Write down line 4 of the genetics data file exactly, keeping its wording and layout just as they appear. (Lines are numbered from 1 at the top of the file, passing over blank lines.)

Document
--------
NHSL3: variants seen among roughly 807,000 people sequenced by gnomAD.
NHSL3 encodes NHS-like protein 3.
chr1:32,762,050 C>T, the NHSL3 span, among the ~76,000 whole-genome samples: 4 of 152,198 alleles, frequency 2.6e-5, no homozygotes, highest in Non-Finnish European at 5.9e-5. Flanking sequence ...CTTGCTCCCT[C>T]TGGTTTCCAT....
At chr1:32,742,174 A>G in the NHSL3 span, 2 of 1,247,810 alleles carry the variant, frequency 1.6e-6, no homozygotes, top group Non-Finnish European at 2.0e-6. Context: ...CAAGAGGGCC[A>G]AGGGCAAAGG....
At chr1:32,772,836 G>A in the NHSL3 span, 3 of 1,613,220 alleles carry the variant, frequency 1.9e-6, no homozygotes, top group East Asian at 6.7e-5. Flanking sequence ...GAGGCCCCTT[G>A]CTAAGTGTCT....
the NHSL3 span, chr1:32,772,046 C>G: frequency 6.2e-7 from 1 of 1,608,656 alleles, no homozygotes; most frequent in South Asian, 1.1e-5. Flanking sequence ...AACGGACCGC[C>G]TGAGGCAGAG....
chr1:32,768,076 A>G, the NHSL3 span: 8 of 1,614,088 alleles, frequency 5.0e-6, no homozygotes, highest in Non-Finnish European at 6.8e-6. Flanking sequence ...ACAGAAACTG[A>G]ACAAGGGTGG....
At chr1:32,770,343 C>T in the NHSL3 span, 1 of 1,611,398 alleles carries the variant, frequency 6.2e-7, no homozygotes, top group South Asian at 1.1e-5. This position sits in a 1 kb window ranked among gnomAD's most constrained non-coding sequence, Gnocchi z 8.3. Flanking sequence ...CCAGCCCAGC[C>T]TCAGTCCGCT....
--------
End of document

At chr1:32,742,174 A>G in the NHSL3 span, 2 of 1,247,810 alleles carry the variant, frequency 1.6e-6, no homozygotes, top group Non-Finnish European at 2.0e-6. Context: ...CAAGAGGGCC[A>G]AGGGCAAAGG....